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How We Began

Located on tree-lined Beacon Street in Brookline, Massachusetts — a Boston near-suburb with a large and active Jewish population — Temple Beth Zion was founded in 1946 as a Conservative congregation by 14 families who had moved to the area from Roxbury, Dorchester and Mattapan and felt the need for a shul “within walking distance” of Coolidge Corner and Washington Square.

Brookline’s Jewish community is nearly one hundred years old. Around 1911, enough Jews had moved westward, from Boston’s older Jewish neighborhoods to Brookline’s open spaces, to begin Brookline’s first minyan. Many of these Jewish adventurers were moving, too, from the Orthodoxy they (or their parents) had brought from Eastern Europe, to Conservative Judaism. By the 1920s, Brookline had two synagogues: Temple Ohabei Shalom, and Congregation Kehillath Israel. By 1925, when Kehillath Israel first permitted men and women to sit together, the Conservative movement was clearly gaining followers, and speed. These two temples would be the forerunners of a Jewish population in Brookline which would grown to nearly 25,000 people by the late 1950s. Many of these Jews would have described themselves as Conservative, or were growing toward Conservative Judaism.

Thus, when Temple Beth Zion dedicated its new building (red brick, built in the Greek Revival style, with four white pillars across the front portico) in 1948, it was joining the mainstream of Brookline’s Conservative-minded Jewish community.

According to TBZ member and area historian Michael Alan Ross, author of The Jewish Friendship Trail Guidebook to Boston Area Jewish Historic Sites, “to meet the needs of these Jews, all sorts of community and private resources evolved — ten synagogues, including the original first two; numerous Hebrew schools; Jewish Sunday schools; several Talmud Torah; a Hebrew college; a Jewish community center (albeit, across the line in Brighton’s Cleveland Circle for many years); and a retail area on Harvard Street” featuring Jewish shops such as Irving’s Candy Store, Max’s & Girsh’s Sunnyside Foods, the original Rubin’s Deli, Hecht’s Drug Store, and Bluestein’s Market.

Our Jewish world — at least, the vibrant community which stretched from Kenmore Square to Cleveland Circle — continued to change. Like much of America in the 1960s and 1970s, Brookline’s Jewish community was becoming less conservative — except at Temple Beth Zion.

Despite progressive voices within the congregation, including that of former shul president Gabe Belt, the Conservative movement’s haltingly slow but inexorable inclusion of women in shul life was vehemently opposed by the Temple’s rabbi, who refused to allow women on the bimah.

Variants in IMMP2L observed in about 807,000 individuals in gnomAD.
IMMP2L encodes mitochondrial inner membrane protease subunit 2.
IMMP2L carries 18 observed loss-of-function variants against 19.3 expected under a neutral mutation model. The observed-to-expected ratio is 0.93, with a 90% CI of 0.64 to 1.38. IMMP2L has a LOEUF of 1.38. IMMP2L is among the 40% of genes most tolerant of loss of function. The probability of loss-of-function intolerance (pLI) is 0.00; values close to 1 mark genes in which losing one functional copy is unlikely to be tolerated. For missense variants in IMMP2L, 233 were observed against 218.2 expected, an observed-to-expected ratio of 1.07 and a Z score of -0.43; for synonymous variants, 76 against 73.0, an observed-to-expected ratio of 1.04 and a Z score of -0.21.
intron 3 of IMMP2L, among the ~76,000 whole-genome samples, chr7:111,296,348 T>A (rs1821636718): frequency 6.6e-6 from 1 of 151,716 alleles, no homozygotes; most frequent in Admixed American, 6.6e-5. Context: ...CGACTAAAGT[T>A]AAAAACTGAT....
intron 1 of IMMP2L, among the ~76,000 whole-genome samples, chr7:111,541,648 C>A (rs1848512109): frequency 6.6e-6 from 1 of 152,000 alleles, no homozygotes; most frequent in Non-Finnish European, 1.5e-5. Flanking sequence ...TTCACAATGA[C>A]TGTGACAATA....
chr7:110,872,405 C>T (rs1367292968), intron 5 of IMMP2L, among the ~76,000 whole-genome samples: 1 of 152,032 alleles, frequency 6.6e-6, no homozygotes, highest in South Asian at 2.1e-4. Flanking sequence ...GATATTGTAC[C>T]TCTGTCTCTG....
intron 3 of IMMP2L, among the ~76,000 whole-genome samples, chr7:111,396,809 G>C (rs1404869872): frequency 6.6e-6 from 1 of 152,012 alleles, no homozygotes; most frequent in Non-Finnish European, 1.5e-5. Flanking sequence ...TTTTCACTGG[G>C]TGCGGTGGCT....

Eventually, Gabe convinced the rabbi to allow women to lead carefully-selected readings. This “progressive” step was too much for some members, and too little for others. For the shul’s aging population, there were other, more permissive (or less permissive) synagogues to join — in the far-off suburbs (“nearer to the grandkids”), or in sunny, snowless Florida. Those who remained in Brookline could choose from many places to pray, and many chose elsewhere. Temple Beth Zion’s original appeal — “within walking distance” of Coolidge Corner and Washington Square — was less important to Jews who, somehow, got used to the idea of driving on Shabbat.

Fifty years after its founding, many of Temple Beth Zion’s members had moved away, or died.  By the late 1990s, there were approximately 50 elderly members, 12-15 of whom were active. Since that time we have grown to 600 diverse individuals, ranging from nonagenarians to expectant mothers and fathers. The initial growth of TBZ was primarily focused on providing a contemplative adult environment. It continues to be so. However, couples have met and beautiful families have formed. Our members include many single parents, too, and people following single-life paths. Services and activities are populated interfaith couples, gay and lesbian singles and couples and parents, and Jews by choice. Grandmothers and grandfathers (a marvelous connection to our history) fuss over everyone. We embrace our diversity while celebrating our unity as spiritual seekers.

“The Temple Had No Roof”

Based on the 2001 Koleinu article originally written by Judy Wurtman

“The Temple had no roof, only walls, and there was canvas stretched across what would be the ceiling. Heat was pumped in by a heating company that had also donated the tent-like roof. The Holidays were late that year and it was cold. We sat through the services with our coats on.” Gabe Belt, an honored and esteemed member of Temple Beth Zion was describing the first High Holiday services at the Temple which took place in the fall of 1946.